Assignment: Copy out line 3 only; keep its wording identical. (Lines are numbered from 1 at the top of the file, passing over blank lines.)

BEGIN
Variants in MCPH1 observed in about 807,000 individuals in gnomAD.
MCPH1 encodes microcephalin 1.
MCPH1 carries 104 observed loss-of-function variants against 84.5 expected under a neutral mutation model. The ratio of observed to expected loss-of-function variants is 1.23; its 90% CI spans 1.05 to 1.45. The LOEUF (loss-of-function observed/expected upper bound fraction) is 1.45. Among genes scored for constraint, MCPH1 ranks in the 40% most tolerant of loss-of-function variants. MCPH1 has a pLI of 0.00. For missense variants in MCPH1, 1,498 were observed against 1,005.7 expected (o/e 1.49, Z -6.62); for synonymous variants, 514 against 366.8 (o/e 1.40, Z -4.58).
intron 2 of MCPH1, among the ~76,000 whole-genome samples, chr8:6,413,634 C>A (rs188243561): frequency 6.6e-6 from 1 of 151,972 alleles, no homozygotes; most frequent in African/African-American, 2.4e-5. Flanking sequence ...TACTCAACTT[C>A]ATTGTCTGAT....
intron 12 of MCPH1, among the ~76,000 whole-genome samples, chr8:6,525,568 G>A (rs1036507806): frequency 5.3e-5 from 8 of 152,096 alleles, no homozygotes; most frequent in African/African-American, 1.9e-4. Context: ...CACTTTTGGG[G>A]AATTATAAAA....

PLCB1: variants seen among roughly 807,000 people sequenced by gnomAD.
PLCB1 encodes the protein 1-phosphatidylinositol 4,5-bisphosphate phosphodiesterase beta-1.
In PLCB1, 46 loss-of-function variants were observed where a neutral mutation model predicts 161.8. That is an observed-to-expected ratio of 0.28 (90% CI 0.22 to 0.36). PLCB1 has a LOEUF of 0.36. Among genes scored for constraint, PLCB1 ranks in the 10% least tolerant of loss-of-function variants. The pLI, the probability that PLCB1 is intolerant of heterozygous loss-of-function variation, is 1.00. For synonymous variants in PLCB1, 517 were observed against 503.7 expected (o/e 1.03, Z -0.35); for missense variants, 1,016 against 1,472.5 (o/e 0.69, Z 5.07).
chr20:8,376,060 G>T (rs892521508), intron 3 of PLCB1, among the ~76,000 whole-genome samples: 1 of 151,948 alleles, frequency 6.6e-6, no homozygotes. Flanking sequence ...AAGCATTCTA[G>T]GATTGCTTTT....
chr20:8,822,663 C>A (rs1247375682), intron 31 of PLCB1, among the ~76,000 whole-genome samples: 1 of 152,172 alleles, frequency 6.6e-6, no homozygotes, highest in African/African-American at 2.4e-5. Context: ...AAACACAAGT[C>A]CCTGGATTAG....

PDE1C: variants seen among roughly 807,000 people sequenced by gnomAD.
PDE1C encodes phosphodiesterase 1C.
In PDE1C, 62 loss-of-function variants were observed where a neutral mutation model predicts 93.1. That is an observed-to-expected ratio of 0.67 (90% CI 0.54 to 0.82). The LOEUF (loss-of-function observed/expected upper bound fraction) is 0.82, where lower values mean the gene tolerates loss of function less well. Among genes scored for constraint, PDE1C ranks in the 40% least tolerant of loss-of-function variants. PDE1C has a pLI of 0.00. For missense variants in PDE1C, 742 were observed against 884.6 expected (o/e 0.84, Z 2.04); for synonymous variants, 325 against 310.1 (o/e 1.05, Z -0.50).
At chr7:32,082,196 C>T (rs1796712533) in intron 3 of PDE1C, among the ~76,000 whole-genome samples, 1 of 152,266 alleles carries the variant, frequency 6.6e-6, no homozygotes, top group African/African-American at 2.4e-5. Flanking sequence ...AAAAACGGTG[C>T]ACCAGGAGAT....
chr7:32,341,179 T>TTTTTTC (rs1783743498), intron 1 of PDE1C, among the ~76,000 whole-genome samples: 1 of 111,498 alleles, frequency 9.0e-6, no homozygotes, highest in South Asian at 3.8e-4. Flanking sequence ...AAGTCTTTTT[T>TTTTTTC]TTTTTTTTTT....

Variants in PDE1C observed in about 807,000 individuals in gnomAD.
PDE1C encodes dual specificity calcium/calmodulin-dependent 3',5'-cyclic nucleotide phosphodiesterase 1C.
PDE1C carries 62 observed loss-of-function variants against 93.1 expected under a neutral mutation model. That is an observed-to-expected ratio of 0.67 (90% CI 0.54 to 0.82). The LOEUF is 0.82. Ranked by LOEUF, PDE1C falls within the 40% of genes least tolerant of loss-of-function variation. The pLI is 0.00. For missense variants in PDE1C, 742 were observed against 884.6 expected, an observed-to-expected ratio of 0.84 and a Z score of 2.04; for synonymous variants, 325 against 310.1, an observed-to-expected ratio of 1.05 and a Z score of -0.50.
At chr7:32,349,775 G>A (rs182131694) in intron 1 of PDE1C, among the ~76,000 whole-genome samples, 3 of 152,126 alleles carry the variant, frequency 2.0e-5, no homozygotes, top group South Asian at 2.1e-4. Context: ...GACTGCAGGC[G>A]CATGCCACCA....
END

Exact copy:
MCPH1 carries 104 observed loss-of-function variants against 84.5 expected under a neutral mutation model. The ratio of observed to expected loss-of-function variants is 1.23; its 90% CI spans 1.05 to 1.45. The LOEUF (loss-of-function observed/expected upper bound fraction) is 1.45. Among genes scored for constraint, MCPH1 ranks in the 40% most tolerant of loss-of-function variants. MCPH1 has a pLI of 0.00. For missense variants in MCPH1, 1,498 were observed against 1,005.7 expected (o/e 1.49, Z -6.62); for synonymous variants, 514 against 366.8 (o/e 1.40, Z -4.58).